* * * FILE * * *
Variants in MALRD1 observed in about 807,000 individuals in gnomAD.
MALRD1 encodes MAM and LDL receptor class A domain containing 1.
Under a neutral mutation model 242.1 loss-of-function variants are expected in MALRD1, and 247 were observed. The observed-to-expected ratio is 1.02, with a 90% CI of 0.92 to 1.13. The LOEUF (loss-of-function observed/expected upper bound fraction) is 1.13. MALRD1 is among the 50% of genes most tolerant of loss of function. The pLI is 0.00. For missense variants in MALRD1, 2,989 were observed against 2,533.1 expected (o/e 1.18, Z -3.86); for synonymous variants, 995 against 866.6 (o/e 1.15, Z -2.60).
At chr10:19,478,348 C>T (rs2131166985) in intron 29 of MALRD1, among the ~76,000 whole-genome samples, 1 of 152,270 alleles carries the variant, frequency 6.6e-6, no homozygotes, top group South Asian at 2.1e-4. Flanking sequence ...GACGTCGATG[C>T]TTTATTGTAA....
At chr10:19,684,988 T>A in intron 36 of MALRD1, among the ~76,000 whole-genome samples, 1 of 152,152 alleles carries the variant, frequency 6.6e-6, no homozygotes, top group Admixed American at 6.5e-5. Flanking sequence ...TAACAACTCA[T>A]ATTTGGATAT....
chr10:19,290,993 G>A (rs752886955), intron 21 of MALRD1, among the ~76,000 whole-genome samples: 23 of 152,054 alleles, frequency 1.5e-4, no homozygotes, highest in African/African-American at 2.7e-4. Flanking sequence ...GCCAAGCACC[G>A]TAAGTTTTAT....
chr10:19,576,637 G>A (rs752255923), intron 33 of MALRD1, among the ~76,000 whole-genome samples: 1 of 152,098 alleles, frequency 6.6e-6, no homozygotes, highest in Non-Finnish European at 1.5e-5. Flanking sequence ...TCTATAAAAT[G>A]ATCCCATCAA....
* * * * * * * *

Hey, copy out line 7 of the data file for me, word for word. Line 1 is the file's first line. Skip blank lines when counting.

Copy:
chr10:19,576,637 G>A (rs752255923), intron 33 of MALRD1, among the ~76,000 whole-genome samples: 1 of 152,098 alleles, frequency 6.6e-6, no homozygotes, highest in Non-Finnish European at 1.5e-5. Flanking sequence ...TCTATAAAAT[G>A]ATCCCATCAA....